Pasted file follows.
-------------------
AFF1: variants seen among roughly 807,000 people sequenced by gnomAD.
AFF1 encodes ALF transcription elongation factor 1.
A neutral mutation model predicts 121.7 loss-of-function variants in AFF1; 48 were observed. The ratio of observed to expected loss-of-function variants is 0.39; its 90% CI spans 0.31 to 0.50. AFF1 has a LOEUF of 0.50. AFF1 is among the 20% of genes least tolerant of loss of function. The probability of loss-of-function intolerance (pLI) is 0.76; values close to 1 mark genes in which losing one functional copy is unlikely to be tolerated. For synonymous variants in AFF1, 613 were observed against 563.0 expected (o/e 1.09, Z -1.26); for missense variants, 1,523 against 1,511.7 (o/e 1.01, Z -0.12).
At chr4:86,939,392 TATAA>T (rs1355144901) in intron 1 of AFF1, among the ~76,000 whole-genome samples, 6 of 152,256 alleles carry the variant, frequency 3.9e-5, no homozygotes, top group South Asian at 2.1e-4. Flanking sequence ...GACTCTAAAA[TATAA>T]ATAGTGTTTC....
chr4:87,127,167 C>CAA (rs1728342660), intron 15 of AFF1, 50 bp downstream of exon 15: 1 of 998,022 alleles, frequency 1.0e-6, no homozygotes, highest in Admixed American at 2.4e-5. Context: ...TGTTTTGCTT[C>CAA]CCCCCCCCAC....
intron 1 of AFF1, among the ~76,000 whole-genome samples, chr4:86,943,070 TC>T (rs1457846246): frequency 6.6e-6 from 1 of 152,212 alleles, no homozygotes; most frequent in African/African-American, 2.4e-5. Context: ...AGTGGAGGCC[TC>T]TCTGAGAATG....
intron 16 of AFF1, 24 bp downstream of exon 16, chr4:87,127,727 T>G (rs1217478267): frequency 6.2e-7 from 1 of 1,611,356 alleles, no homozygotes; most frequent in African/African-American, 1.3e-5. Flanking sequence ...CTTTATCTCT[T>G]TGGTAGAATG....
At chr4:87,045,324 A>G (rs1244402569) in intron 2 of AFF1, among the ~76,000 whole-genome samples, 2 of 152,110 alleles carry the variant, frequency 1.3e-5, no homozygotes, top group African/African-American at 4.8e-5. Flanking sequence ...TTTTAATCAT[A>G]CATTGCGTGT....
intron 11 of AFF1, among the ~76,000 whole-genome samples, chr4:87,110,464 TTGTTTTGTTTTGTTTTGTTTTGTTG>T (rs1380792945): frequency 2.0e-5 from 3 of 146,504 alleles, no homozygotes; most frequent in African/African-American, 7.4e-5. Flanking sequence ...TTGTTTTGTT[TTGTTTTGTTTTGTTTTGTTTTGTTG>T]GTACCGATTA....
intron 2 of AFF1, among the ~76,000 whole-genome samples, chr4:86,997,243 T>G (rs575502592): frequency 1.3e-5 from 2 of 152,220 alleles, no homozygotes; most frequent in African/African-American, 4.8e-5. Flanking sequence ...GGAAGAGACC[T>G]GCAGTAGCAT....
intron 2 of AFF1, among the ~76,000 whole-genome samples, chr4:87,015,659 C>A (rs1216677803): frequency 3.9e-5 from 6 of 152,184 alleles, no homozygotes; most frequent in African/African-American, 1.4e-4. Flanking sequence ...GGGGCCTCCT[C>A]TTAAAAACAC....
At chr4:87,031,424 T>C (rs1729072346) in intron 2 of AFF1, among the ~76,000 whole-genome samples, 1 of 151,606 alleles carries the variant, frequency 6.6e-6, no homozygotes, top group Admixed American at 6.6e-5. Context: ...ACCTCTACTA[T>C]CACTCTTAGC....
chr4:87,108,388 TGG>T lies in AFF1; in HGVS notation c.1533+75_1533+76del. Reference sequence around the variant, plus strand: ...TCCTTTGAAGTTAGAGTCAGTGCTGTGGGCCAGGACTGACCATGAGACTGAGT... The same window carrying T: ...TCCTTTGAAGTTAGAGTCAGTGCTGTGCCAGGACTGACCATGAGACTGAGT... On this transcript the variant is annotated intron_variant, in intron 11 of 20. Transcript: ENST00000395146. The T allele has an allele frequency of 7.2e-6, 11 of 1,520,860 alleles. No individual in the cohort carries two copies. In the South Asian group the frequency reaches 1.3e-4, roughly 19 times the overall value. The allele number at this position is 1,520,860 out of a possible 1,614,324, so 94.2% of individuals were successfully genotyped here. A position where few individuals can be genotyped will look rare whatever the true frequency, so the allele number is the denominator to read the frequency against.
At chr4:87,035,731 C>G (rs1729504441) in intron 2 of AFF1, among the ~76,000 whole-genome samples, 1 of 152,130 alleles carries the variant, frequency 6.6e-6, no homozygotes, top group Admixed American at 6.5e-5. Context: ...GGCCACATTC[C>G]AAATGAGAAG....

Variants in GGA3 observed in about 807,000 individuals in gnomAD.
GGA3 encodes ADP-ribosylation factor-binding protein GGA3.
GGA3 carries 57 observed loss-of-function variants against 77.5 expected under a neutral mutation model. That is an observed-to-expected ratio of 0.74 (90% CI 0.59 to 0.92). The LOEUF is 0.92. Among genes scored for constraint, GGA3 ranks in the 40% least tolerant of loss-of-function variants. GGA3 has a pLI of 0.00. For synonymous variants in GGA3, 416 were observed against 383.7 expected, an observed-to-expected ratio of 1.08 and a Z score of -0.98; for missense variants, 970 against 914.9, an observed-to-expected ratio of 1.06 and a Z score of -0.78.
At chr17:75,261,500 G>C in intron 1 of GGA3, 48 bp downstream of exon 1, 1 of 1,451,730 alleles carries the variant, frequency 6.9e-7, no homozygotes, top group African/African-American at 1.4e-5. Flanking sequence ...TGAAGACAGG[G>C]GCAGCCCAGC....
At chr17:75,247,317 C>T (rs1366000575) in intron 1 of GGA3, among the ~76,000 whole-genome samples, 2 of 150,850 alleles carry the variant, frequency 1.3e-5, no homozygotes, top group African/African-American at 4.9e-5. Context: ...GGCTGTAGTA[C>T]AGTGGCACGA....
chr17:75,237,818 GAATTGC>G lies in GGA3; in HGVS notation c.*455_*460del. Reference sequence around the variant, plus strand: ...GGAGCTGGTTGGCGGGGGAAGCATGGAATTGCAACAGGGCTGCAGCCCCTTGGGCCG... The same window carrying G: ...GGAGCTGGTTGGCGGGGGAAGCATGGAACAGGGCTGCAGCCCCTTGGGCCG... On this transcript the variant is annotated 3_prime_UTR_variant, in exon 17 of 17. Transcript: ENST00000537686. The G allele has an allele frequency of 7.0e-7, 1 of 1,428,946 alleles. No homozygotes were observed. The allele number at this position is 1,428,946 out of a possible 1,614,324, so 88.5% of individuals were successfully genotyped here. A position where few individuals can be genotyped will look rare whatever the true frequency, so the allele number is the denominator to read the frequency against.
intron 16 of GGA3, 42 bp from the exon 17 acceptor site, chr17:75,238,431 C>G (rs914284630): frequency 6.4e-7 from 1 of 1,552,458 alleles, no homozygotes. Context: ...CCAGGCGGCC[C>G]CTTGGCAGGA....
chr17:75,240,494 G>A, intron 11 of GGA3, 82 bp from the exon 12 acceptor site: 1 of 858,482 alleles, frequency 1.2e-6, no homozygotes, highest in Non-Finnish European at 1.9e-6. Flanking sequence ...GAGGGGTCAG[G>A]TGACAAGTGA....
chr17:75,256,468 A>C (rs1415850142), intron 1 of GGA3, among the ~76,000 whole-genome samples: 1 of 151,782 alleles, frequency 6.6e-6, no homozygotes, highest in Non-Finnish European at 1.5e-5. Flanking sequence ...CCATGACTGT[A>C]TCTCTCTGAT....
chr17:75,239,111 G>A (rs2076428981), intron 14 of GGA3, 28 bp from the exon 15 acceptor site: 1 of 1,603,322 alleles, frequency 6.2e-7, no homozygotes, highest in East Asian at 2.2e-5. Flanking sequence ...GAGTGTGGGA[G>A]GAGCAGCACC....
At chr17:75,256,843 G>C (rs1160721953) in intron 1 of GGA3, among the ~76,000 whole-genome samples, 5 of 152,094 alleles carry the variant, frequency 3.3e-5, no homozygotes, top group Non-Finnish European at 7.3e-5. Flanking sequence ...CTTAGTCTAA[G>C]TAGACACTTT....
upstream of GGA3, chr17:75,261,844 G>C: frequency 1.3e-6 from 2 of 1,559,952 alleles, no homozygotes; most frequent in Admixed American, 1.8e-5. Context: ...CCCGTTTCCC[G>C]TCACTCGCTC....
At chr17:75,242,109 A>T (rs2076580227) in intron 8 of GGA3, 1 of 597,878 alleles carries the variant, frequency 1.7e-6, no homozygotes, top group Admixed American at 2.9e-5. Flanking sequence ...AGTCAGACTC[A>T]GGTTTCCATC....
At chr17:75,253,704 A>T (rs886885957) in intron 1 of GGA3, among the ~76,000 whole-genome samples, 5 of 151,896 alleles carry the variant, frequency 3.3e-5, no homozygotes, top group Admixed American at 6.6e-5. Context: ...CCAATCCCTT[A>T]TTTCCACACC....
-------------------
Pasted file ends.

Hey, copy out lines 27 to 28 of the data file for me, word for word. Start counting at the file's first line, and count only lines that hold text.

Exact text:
At chr17:75,242,109 A>T (rs2076580227) in intron 8 of GGA3, 1 of 597,878 alleles carries the variant, frequency 1.7e-6, no homozygotes, top group Admixed American at 2.9e-5. Flanking sequence ...AGTCAGACTC[A>T]GGTTTCCATC....
At chr17:75,253,704 A>T (rs886885957) in intron 1 of GGA3, among the ~76,000 whole-genome samples, 5 of 151,896 alleles carry the variant, frequency 3.3e-5, no homozygotes, top group Admixed American at 6.6e-5. Context: ...CCAATCCCTT[A>T]TTTCCACACC....